Four homes have been evacuated. Officials said the largest of the three holes is 35 feet deep and 18 feet wide.
One of the sinkholes that opened up is outside Frank Newman’s home.
He said he heard strange sounds and wasn’t sure what was going on.
“At about 12:30 I was watching the Olympics when I heard something that I thought was thunder,” Newman said.
Hours later, he found out what was actually going on.
“My front door bell rings about 3:10. It was a policeman saying, ‘You got to get out of your house,’” Newman said.
The sinkholes go beneath two of the homes.
Cracks formed outside Newman’s neighbor’s home and a hole opened up near her front door.
“In her house, she is seeing cracks inside the house on the floor and stuff,” Newman said. “She can’t get her car out of the garage because the garage door won’t open.”
Signs have been placed outside some of the homes warning the houses have been condemned.
Golf course officials are draining a lake to help the situation. Utilities officials said that if a water main break occurs, they will be able to handle it, but 20 homes could potentially lose water service if that happens.
Published: Sunday, February 18, 2018 @ 8:57 PM
— The Broward County sheriff said he was honored to visit a young student who survived the Feb. 14 South Florida school shooting that's left a community reeling.
The Broward County Sheriff's Office published a photo of Sheriff Scott Israel holding the hand of Anthony Borges, 15, in his hospital room.
"Fortunately, he is recovering -- but has a long road ahead with more surgeries needed," the Sheriff's Office posted. "Please join us in praying for the swift recovery of Anthony and all the other victims of this horrific criminal act."
The Sheriff's Office said in the Facebook post that Borges was shot five times during the shooting at Marjory Stoneman Douglas High School in Parkland.
Seventeen people, including students and staff, were killed in the shooting.
Nikolas Cruz, 19, who admitted to the shooting, remains in custody at the Broward County jail after being ordered held without bond on 17 counts of premeditated murder.
Published: Sunday, February 18, 2018 @ 7:50 PM
POLK COUNTY, Fla. — Sheriff Grady Judd in Polk County, Florida, went on the news Saturday to talk about the so-called “Sentinel Program” as a possible legislative response to mass shootings like the one that happened at Marjory Stoneman Douglas High School in Parkland, Florida, last week, that left 17 dead.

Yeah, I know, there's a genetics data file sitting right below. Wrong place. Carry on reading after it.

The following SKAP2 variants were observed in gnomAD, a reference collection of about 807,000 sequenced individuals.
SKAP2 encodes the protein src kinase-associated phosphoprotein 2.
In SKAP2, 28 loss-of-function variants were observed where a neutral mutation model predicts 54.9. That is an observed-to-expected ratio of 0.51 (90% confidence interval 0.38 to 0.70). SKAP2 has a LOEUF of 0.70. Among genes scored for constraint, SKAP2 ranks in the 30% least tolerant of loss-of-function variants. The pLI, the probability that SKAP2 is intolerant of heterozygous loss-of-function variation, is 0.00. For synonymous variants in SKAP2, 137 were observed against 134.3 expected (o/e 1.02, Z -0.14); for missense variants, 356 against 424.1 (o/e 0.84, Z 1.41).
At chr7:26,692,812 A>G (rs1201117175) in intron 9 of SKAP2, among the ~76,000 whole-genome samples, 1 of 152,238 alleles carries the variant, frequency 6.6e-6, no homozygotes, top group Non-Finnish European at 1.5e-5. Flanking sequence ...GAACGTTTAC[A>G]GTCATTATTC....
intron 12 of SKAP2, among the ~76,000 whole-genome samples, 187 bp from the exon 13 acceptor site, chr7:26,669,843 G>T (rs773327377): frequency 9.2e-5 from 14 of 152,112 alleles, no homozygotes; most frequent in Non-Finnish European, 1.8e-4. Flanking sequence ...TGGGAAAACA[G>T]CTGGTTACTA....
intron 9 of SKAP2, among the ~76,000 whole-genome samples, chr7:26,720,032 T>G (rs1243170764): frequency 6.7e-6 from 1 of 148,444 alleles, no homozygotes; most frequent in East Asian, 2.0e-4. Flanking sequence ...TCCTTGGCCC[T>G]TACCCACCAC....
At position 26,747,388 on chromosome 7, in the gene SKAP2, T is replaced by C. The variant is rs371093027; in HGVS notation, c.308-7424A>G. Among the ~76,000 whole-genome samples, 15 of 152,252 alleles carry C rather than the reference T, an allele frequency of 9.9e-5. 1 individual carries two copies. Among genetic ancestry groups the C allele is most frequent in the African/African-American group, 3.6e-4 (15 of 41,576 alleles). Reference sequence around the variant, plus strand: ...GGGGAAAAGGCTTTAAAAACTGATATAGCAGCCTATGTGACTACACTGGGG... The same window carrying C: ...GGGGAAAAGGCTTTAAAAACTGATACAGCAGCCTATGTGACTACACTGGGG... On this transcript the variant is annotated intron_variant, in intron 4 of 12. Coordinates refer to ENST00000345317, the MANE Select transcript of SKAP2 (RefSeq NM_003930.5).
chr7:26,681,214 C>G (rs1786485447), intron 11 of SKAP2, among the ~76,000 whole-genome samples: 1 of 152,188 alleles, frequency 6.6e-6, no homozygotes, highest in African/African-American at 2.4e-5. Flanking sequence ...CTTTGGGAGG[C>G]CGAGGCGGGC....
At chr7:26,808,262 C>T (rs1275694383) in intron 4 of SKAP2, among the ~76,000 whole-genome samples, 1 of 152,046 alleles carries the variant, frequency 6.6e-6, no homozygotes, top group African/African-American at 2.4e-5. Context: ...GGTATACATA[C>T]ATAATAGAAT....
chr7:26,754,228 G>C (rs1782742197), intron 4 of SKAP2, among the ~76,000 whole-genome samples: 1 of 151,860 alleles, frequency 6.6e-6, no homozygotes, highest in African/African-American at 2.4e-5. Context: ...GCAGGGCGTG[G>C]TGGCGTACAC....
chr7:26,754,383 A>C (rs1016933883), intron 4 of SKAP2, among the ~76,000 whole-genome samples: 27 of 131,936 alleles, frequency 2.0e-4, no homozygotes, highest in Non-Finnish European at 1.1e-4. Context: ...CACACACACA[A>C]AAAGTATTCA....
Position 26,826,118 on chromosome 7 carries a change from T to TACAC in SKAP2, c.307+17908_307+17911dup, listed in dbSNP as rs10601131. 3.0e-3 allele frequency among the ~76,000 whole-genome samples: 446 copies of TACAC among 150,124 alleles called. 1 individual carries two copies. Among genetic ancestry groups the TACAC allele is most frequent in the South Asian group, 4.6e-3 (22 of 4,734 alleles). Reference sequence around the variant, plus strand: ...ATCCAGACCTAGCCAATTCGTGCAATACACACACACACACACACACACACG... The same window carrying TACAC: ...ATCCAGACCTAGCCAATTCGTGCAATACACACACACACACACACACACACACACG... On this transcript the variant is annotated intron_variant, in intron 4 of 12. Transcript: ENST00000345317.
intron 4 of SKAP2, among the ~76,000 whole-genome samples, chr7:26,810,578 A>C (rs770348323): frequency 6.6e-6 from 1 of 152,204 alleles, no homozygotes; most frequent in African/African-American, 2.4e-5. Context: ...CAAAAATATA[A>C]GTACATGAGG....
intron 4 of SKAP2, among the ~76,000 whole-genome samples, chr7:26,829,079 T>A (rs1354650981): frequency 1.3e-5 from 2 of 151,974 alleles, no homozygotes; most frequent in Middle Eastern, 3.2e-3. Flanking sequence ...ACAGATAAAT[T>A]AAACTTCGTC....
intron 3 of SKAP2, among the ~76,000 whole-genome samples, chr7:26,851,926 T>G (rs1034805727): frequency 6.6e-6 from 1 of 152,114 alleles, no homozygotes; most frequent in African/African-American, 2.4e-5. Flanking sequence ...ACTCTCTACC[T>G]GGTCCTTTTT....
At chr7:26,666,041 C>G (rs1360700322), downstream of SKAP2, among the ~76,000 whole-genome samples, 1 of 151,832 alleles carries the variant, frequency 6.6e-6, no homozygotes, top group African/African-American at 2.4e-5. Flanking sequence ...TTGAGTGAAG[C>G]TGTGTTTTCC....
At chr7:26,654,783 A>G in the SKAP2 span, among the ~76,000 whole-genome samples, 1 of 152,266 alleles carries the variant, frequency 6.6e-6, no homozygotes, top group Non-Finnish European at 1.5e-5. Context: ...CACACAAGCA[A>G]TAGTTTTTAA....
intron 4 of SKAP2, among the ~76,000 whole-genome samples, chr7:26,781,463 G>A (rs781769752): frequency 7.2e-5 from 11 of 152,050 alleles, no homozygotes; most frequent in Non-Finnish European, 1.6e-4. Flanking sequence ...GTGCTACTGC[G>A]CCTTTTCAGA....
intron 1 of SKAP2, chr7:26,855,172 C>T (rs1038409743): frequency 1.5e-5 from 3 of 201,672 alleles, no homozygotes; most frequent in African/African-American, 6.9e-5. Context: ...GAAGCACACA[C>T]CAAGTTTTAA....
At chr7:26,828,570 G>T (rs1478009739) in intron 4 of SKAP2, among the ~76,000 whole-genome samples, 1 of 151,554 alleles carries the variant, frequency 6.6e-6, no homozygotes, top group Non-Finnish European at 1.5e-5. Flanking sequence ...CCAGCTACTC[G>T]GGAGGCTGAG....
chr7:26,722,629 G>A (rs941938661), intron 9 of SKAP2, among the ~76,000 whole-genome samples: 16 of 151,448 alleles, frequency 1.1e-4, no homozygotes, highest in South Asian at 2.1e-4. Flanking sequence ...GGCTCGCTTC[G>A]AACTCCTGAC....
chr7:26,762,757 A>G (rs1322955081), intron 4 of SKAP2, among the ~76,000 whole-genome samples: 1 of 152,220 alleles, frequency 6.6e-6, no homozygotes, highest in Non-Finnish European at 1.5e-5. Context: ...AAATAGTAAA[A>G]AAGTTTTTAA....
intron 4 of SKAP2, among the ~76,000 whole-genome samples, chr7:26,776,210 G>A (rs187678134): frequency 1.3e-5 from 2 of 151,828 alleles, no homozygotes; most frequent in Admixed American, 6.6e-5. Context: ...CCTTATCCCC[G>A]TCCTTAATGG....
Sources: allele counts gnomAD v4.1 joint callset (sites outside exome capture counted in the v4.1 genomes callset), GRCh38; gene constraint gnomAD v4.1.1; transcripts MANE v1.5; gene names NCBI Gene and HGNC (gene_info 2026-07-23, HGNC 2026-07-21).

Judd called the program a “game changer” by arming select educators whose backgrounds have been vetted thoroughly, who have been psychologically evaluated and trained in weapons more intensely than law enforcement by state standards.
FL Sheriff: 'Game Changer' If Some Teachers Trained to Carry Gunshttps://t.co/eVAvi6xN7o— FoxNewsInsider (@FoxNewsInsider) February 17, 2018
The sheriff argued that the solution is not something he wants, but it’s something that must happen.
“We have got to wake up, wake up and understand that we have to have … specially trained people that have concealed firearms that can run to the threat and protect our children,” he said.
“Do you know that there is gun control on every campus in Florida -- and, I would submit, across the United States -- that you can’t bring a gun on campus. And no one does, except the crazed person, the active shooter. There has to be a line of defense,” Judd said.
“There’s no absolutes in life, but I can tell you this: At least two coaches were killed standing in front of and trying to protect kids. Don’t you believe it would be a game-changer if they had a gun to defend the children?”
Students and parents have responded to the mass shooting perpetrated by Nikolas Cruz by calling for stricter guns laws in Florida.
"WE CALL BS!" Stoneman Douglas High School student Emma Gonzalez leads chant to institute stricter gun laws in Florida after the mass shooting at her school. More on the protest here: https://t.co/Nm3wM7Hgx7 pic.twitter.com/0eeR05U875— NBC 6 South Florida (@nbc6) February 17, 2018
Many participating in the #NeverAgain campaign seem to agree that they don’t want to arm teachers, but want “genuine, lasting change.”
We don't want higher fences and metal detectors. We don't want our teachers to have guns. We don't want to go to school in a prison. We want CHANGE. We want genuine, lasting change.— carly (@car_nove) February 17, 2018